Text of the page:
SINGAPORE—Filipino artist Rodel Tapaya won on Thursday night the grand prize in the Asia-Pacific Breweries Foundation Signature Art Prize, an international art contest of Asia-Pacific artists, for a mural that weaves together ancient myths and folklore with current realities, such as environmental degradation and flooding.
Tapaya’s work, “Baston ni Kabunian, Bilang Pero di Mabilang (Cane of Kabunian, Numbered but Cannot be Numbered), bested 14 other mainly large-scale art works from 14 countries across the Asia-Pacifc. The shortlist of finalists was selected from among 130 works nominated from 24 countries by art experts.
Tapaya, 31, received 45,000 Singapore dollars. “I thank God, the greatest artist of all,” he said in his acceptance speech. He also thanked Ramon E.S. Lerma, director of the Ateneo Art Gallery, for nominating his work, and dedicated his victory to his wife, Marina Cruz, also a top young artist.
Philippine art lovers
A motley group of Philippine art lovers, including Lerma, Philippine Embassy Consul General Neal Imperial, gallery owner Lory Juvida, art collector Alex Tan, and Singapore Time Out magazine online editor James Perez Ong, as well as several young Filipino professionals working here lustily cheered when Tapaya’s name was called during the awarding ceremonies at the Singapore Art Museum (SAM).
Three artists received the Jurors’ Prize: Aida Makoto of Japan for his acrylic-on-canvas mural, “Ash Color Mountains”; Daniel Crooks of Australia for his video, “Static No. 12 (Seek Stillness in Movement); and Sheba Chhachhi of India for her installation, “The Water Diviner.” They received SG$10,000 each.
Singaporean artist Michael Lee won the People’s Choice award for his digital print suite, “Second Hand City.” He also received SG$10,000.
In a formal statement, the international jury called Tapaya’s work, a 305 x 610 cm acrylic on canvas,” a compelling and monumental-scale work.”
“With its multiple narratives and diverse allegorical references, this stunning mural-sized painting embodies a vibrant strain in contemporary art from the Asia-Pacific region,” the jury said. “While Tapaya does not shy away from drawing on the folklore of his native region, his is neither a naïve nor self-exoticising practice. The artist is audacious in his use of the Philippine mural tradition as well as Latin American magic realism and Bosch-like phantasmagoria.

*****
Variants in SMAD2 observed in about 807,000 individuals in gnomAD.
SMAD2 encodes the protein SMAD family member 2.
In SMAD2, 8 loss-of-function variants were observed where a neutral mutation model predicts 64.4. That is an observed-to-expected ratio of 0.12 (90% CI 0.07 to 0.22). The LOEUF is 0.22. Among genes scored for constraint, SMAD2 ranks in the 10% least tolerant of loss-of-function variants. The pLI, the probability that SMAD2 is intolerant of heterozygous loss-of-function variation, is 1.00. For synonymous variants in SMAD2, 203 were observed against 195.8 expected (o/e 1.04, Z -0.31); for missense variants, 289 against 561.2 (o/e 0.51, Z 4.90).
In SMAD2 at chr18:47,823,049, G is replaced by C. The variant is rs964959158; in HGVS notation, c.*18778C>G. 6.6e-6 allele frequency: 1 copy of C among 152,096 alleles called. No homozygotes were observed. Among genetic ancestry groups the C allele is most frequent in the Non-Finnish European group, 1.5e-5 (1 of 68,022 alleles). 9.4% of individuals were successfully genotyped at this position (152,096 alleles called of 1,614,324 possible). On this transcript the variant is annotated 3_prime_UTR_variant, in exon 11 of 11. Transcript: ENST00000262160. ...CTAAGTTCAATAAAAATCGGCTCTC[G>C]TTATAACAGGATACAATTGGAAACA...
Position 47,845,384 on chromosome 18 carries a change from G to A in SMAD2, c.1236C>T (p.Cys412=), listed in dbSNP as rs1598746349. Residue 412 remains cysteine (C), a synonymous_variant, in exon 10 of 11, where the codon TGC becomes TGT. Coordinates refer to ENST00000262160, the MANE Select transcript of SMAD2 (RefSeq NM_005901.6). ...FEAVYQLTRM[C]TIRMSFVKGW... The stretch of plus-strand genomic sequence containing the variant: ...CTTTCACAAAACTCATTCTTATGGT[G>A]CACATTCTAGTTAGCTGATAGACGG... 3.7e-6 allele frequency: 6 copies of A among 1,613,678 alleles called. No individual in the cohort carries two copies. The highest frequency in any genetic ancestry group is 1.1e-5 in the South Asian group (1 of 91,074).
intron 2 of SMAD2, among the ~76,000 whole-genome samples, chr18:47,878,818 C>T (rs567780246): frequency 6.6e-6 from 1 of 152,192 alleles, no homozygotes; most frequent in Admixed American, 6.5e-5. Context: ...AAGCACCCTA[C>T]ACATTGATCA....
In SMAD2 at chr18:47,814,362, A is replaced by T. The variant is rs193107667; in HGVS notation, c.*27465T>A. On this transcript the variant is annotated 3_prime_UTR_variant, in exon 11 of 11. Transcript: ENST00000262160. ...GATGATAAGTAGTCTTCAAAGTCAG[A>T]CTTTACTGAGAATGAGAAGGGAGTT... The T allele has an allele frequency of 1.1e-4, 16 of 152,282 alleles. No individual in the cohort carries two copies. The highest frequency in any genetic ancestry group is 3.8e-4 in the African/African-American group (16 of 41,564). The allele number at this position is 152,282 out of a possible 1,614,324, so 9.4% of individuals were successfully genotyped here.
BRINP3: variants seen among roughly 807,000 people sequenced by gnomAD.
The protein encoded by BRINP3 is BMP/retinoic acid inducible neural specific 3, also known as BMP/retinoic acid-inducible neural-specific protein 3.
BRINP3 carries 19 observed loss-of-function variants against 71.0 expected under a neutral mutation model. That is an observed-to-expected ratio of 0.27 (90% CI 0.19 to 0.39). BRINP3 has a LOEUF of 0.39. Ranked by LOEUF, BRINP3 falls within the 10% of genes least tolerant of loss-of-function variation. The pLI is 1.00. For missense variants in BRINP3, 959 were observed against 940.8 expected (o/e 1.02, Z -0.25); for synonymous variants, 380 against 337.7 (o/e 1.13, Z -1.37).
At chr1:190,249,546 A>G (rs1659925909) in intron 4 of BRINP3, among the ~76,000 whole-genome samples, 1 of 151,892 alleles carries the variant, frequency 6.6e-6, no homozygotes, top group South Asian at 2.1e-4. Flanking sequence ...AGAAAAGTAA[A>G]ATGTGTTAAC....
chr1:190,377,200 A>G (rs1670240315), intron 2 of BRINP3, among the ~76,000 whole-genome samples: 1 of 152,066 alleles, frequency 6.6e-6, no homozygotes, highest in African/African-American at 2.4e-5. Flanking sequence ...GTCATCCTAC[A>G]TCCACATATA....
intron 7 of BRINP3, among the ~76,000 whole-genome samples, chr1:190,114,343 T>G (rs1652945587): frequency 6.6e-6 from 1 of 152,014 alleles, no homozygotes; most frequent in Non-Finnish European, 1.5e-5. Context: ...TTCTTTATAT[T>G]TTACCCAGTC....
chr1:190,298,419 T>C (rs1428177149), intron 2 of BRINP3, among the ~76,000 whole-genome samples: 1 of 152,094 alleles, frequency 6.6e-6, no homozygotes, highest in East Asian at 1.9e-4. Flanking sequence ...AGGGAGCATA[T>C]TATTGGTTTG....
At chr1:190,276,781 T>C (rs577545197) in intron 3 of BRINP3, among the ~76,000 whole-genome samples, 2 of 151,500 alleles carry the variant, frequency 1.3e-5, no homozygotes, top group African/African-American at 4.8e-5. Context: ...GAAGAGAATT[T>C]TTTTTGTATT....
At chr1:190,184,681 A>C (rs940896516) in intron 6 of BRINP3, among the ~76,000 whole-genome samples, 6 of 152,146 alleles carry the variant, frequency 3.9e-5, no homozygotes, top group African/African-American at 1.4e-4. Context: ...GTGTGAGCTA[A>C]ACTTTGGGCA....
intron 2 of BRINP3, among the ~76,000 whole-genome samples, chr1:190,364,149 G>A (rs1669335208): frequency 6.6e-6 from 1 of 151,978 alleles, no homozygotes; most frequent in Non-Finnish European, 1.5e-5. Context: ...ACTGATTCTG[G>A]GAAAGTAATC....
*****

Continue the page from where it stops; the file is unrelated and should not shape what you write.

“Anchored in a postcolonial setting but with far-reaching universal relevance, the work will surely provoke discussion about emerging aesthetic tendencies in Asia-Pacific. Together with the three Jurors’ Choice Award winners, the prize-winning works are ground-breaking in their negotiation of cultural heritage and contemporary forms of expression. They are all worthy of recognition as being among the best art works from the region.”
Tapaya’s winning work was part of his 2010 solo exhibit and was bought by Troche Deleon Collection and Art Vantage Ltd, both international art buyers, although they only saw the work’s electronic images. Even before the art work could be shipped to the buyers, the mural, along with several others by Filipino artists, was nominated to the Signature prize by Lerma. “Kabunian” made it to the short list and the rest was history.
For the finals exhibit and judging, the work was shipped by cargo forwarder from Manila to SAM where it now hangs. On Thursday night, the Israeli buyers were invited to the awarding ceremonies where they finally saw for the first time the actual work and met the artist, who was the youngest-looking among the finalists.
In an interview with the Inquirer, Tapaya explained that he explored Bontoc and Ifugao myths as well as Tagalog folklore to paint an allegory. He said he had always considered “narrative painting” as his strongest suit and had always sought to tell moral tales when he paints.
The central image of his vast work is the Bontoc myth of a giant canine that saved humans from a great flood. On the back of the dog is an Ifugao mythological character, the son of the god Kabunian, who used a piece of cloth to form mountains and bring fire and warmth to humans. From Tagalog folklore (Tapaya is from Montalban, Rizal), he adapted the fable of a glutton who turned into a frog.
Careful regard for water and the sacredness of nature are apparent allegorical themes in the work. A detail of the work shows a mountain denuded of trees and washing away the houses on its steep sides and another detail shows a masked logger cutting a tree which has the face of a man instead of a crown of leaves. The message is clear: by his greed, man brings himself disaster.
Other finalists were Bui Cong Khanh (Vietnam), Chang Yoong Chia (Malaysia), Chen Chieh-jen (Taiwan), Ay Tjoe Christine (Indonesia), Kyungah Ham and Kim Jongku (South Korea), Imran Qureshi (Pakistan), Vandy Rattana (Cambodia), Greg Semu (New Zealand), and Yang Xinguang (China).
The international jury consisted of Indian poet, cultural theorist and curator Ranjit Hoskote; Gregor Muir, executive director of the Institute of Contemporary arts in London; Fumio Nanjo, director of the Mori Museum of Tokyo; Indonesian writer, critic and curator Hendro Wiyanto; and Tan Boon Hui, director of the Singapore Art Museum (SAM).
Organized by SAM and sponsored by the Asia-Pacific Breweries (APB) Foundation of Tiger Beer, the Signature Art Prize is a triennial art contest that started in 2008. For its second edition this year, it was expanded from the original 12 participating countries to include more countries, such as Australia, Bangladesh, Brunei, Indonesia, Japan, Korea, Myanmar, Nepal, Pakistan and the Philippines.
Tapaya’s winning work is now on exhibit along with the 14 other finalists until March 4, 2012 at the Singapore Art Museum (www.singaporeartmuseum.sg/signatureartprize).